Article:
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  • 1.
    Chelwig Grybrowska, Danuta
    et al.
    University of Skövde, School of Technology and Society.
    Schuller, Bernd-Joachim
    University of Skövde, School of Technology and Society.
    Globalization, Economic Processes and Human Resources2007In: 9th International Scientific Conference: Management horizons: visions and management: Kaunas Lithuania 27 – 28 September 2007, European Management Association , 2007, p. 325-343Conference paper (Refereed)
  • 2.
    Chelwig-Grzybowska, Danuta
    et al.
    University of Skövde, School of Technology and Society.
    Schuller, Bernd-Joachim
    University of Skövde, School of Technology and Society.
    Growing Farm Size in Sweden: European Integration or Economies of Scale?2007In: XIVth Congress: The Polish Association of Agricultural and Agribusiness Economists, 2007, p. 439-443Conference paper (Refereed)
  • 3.
    Chelwig-Grzybowska, Danuta
    et al.
    University of Skövde, School of Technology and Society.
    Schuller, Bernd-Joachim
    University of Skövde, School of Technology and Society.
    The Challenges of Globalization for Sweden and Baltic States2007In: The Recent Development of the EU: Challenges and Experience: The 3rd scientific volume 2007, Klaipėdos universiteto leidykla , 2007, p. 46-53Conference paper (Refereed)
  • 4.
    Chelwing, Danuta
    et al.
    University of Skövde, School of Technology and Society.
    Kronberg, Karin
    University of Skövde, School of Technology and Society.
    Schuller, Bernd-Joachim
    University of Skövde, School of Technology and Society.
    Human Resources and Economic Development: The Lisbon Agenda and the Bologna Process: A Swedish view2006In: the 2nd International Conference Human Resources: The main factor of regional developmen, Klaipeda University , 2006, p. 97-109Conference paper (Refereed)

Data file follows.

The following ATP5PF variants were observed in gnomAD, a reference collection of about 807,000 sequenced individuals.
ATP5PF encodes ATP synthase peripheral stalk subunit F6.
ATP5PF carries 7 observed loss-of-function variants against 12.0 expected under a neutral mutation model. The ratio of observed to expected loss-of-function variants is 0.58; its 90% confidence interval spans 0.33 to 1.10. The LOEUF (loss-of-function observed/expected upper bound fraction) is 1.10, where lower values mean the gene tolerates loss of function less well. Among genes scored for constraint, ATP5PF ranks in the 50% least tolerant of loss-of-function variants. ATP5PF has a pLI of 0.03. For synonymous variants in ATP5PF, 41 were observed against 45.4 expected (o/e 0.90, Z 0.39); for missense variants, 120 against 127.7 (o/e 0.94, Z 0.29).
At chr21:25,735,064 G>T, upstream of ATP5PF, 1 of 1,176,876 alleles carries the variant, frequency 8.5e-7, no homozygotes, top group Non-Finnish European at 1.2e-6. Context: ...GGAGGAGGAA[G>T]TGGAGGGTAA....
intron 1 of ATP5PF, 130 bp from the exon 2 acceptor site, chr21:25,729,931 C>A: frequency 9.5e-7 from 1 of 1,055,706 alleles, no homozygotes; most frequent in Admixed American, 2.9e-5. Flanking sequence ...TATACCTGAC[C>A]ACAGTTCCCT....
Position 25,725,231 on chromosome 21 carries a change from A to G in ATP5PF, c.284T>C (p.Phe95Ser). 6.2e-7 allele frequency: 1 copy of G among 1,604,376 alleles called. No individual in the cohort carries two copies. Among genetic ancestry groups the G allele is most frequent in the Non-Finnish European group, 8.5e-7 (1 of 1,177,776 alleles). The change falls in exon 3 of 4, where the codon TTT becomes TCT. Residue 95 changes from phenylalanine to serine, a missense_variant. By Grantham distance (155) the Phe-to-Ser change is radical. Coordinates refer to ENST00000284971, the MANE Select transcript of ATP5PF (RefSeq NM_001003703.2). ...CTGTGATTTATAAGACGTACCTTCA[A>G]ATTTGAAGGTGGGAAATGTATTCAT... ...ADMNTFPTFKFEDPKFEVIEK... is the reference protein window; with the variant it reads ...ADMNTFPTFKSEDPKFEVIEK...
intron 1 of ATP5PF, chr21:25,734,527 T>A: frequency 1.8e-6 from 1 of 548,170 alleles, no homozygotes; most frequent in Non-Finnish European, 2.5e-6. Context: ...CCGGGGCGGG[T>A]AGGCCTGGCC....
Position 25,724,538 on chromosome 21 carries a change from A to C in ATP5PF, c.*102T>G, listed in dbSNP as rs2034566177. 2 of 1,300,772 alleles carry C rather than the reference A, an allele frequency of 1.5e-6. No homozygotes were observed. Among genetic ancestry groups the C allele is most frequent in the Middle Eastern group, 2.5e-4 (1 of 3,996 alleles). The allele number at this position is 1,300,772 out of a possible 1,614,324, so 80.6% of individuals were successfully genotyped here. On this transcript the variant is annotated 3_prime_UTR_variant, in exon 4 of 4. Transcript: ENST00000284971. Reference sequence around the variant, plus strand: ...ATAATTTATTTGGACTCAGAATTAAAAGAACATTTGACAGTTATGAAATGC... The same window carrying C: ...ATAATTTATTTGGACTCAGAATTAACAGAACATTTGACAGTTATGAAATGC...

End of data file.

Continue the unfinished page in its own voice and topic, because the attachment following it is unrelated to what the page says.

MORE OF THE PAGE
• 5.
    Magnusson, Bo
    et al.
    University of Skövde, School of Life Sciences.
    Schuller, Bernd-Joachim
    University of Skövde, School of Life Sciences.
    Migration, demography and economic growth: a European perspective2006In: The 8th Annual Conference on European Economic Integration, Mölle, May 16-19 2006, 2006, p. 26 s.-Conference paper (Refereed)
    Abstract [en]

    As well known and much discussed, the European demographic development will mean problems for economic growth in the future. While the part of the population, which is older than 65, will continue to rise both relative to the labour force and in absolute terms, the active population between 20 and 64 probably will fall, at least relatively if not absolutely. In this paper we will treat two central questions. The first question is dealing with the demographic development and possible effects of migration in West Europe. Regarding the new member countries and the candidate countries, with the exception of Turkey, the demographic development here is even more difficult than the one in West Europe. Furthermore, migration to Europe could implicate a brain drain, which may deteriorate the economic and social situation in the countries of emigration. In this part we even will discuss, whether the population situation in Europe could lead to an enlargement of the EU or other arrangements of co-operation with countries, which traditionally are not seen as candidates for membership. The second main question in the paper will discuss the implications of the population development and of migration for economic growth. A difference can be made between growth of total GDP, GDP per head of population and GDP per employed person. Yet the main emphasis of the empirical growth discussion will deal with GDP pc. We will even discus, whether the possibilities of falling growth could be leveled out by higher formation of physical and human capital, changes of participation rates and working hours

  • 6.
    Olsson, Michael
    et al.
    University of Skövde, School of Technology and Society.